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Deandre Harper

1313-06
Writing/Digital World
March 23, 2016

Annotated Bibliography
Benedict, B.S. (2003). Deaf culture and community.
Retrieved from: http://www.csdb.org/wpcontent/uploads/2014/05/Deaf-Culture-and-Community.pdf
This article discusses the deaf culture and identifies how ASL is used in the
deaf community. American Sign Language is the foundation of the deaf
community. ASL is a unique expression with visual language that includes no
talking. The author indicated that the deaf community is very different and
unique in many ways, and is more exciting than other common cultural
groups around the world, because it goes unidentified and is very discrete.
This source is very helpful for learning about deaf living and giving insight on
how different, fun but exciting the deaf culture is.

Filer, D. & Filer, C. (2000). Practical considerations for counselors working with hearing children
of deaf parents. Journal of Counseling & Development, winter 2000, Vol. 78, Issue 1.
Retrieved from: http://www.lifeprint.com/asl101/pages-layout/coda.html
A coda is a code name for Children of deaf adults; also codas serve as interpreters for their
parents and the protection of the family. Codas play these roles because they are like the hearing

child who has the advantage of both worlds. But this sometimes causes problems because some
things others may say might be rude or disrespectful, so the children will rather not sign it to they
are parents to keep them happy and not make them upset. Also, some codas feel as if their too
young to indulge in some of the conversations that take place. There are a lot of ups and downs
being a coda because they are protection for the family, so they have to put up with a lot. But the
good thing is they have the best of both worlds, Deaf and Hearing. This source is helpful to get a
look at the family side of the deaf culture and how the children and parents communicate.

Lane, H. Pillard, R. French, M. (2000). Origins of the American deaf world. Sign Language Studies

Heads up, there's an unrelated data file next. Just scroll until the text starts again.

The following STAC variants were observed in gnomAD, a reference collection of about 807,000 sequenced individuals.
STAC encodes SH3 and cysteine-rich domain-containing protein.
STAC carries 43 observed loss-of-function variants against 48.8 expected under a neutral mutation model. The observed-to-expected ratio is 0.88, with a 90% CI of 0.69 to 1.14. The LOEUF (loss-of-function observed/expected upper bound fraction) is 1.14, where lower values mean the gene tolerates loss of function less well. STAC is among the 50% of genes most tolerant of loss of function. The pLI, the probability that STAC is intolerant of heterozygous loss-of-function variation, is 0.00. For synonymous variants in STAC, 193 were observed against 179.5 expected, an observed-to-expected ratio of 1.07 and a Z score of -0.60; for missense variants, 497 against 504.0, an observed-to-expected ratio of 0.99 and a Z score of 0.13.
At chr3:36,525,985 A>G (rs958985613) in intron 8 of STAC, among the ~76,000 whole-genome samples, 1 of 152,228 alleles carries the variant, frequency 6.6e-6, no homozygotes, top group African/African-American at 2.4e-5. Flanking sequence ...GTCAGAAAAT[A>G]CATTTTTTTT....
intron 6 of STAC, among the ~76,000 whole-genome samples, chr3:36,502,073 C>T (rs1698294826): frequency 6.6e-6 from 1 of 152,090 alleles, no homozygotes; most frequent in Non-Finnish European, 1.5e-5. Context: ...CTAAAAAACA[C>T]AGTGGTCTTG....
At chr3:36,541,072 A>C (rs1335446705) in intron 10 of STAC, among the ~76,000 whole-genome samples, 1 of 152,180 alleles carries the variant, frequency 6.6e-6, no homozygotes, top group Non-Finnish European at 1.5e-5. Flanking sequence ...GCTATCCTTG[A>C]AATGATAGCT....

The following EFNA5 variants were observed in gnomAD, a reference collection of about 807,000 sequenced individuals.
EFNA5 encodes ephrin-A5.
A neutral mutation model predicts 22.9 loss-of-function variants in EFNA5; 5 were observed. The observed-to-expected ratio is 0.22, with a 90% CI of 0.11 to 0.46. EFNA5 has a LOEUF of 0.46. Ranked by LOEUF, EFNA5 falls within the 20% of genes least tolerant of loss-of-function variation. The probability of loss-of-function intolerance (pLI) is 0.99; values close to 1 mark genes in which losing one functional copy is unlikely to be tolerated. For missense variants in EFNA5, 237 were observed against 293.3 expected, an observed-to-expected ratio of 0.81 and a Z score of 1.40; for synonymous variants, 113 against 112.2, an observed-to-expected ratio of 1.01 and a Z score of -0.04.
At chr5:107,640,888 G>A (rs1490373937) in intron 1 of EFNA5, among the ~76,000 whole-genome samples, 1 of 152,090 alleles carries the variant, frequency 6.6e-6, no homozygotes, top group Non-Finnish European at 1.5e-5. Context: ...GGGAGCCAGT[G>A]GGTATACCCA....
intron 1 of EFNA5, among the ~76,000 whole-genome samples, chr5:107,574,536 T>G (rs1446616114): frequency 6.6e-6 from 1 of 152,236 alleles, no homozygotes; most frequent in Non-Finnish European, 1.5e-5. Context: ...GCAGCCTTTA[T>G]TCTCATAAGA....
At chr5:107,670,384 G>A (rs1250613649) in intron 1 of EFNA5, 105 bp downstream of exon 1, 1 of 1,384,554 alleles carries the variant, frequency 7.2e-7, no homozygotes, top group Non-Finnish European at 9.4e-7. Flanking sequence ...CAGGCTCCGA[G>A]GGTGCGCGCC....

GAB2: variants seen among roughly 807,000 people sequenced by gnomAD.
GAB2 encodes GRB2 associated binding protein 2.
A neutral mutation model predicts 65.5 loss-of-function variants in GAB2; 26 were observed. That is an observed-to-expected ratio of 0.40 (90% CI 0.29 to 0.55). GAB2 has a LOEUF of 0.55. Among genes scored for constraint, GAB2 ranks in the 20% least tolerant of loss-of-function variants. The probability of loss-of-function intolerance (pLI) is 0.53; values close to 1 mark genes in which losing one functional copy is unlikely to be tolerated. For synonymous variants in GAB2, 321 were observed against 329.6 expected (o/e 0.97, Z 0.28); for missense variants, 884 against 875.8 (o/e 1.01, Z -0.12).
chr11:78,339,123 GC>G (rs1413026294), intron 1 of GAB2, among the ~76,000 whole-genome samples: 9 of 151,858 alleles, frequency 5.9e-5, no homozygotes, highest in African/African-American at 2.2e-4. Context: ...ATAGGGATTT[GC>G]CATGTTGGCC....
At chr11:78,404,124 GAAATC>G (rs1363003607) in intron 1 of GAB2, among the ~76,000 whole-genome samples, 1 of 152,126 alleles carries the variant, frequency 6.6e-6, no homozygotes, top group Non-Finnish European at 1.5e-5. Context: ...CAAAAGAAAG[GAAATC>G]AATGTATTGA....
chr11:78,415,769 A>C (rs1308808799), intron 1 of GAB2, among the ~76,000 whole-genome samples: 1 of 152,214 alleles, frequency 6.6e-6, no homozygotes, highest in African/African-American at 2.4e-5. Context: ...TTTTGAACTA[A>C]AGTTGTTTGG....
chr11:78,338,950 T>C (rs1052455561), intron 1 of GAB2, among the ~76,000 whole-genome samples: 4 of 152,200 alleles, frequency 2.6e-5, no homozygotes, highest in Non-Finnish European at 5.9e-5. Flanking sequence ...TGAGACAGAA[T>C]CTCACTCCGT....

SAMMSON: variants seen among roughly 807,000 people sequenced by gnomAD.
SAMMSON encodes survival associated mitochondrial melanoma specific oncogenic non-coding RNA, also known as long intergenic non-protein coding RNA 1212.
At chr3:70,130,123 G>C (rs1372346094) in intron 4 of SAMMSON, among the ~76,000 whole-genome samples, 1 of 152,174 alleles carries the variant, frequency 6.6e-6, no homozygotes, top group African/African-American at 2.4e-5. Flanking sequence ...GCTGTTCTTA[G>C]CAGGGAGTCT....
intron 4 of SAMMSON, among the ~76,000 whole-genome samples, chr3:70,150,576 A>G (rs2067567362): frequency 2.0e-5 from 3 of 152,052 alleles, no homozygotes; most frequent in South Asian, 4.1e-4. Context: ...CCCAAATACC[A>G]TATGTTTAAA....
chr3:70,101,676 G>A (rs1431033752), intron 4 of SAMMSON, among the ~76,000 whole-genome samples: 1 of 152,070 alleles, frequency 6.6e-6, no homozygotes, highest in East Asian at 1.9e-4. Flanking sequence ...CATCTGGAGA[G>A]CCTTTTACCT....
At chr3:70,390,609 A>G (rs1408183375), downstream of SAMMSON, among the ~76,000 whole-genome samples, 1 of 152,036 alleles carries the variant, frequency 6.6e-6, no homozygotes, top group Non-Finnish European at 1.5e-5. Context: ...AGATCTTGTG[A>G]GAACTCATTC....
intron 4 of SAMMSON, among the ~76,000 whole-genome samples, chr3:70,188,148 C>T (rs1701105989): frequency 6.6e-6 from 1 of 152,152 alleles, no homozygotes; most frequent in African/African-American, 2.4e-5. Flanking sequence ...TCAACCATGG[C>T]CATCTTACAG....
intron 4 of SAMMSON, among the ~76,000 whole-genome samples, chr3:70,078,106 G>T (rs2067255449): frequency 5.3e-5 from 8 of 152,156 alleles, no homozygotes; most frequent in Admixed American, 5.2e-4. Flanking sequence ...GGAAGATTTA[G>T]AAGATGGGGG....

(Gallaudet University Press) 1
Doi:10.1353/sls.2000.0003. Retrieved November 25, 2012.
American Sign Language is the dominant language used in deaf culture in the United States and
Canada. Also, ASL is taught to the babies and it is something the deaf community glorifies. ASL
is different, a fluent hand motion with facial expression, including no talking at all. American
Sign Language is taught just like hearing parents would teach their kids how to talk and learn;
they say it over and over again until they finally get the meaning and understand the signs.
According to the author, while using ASL it is a signing space so others can clearly see the
signing. If you sign outside the space their signs can be taken for anything other than what was
meant. This source helps identify signs in ASL and how to use ASL. It is also one of the biggest
subjects to talk about when talking about the deaf community.

American Sign Language (ASL). Phrases (01).

Retrievedfrom:https://www.youtube.com/watch?
v=ianCxd71xIo&ebc=ANyPxKrINZURKd877OAILKxbMDVg94qGIrNwK_R_DwOWjNw
ZMordgPCONofORnNYrBfDII42ym&KVmi&RwnS5gDKbHVJX2cQFw
According to the video, fingerspelling is only used when the word does not have a specific
meaning or sign for it. As in the video above, it showed certain ways to say certain things without
fingerspelling everything out. Fingerspelling is cool, but once one starts learning the signs, sign
language will become more fun than it already is, because the expressions start to come out and
people really get into signing then.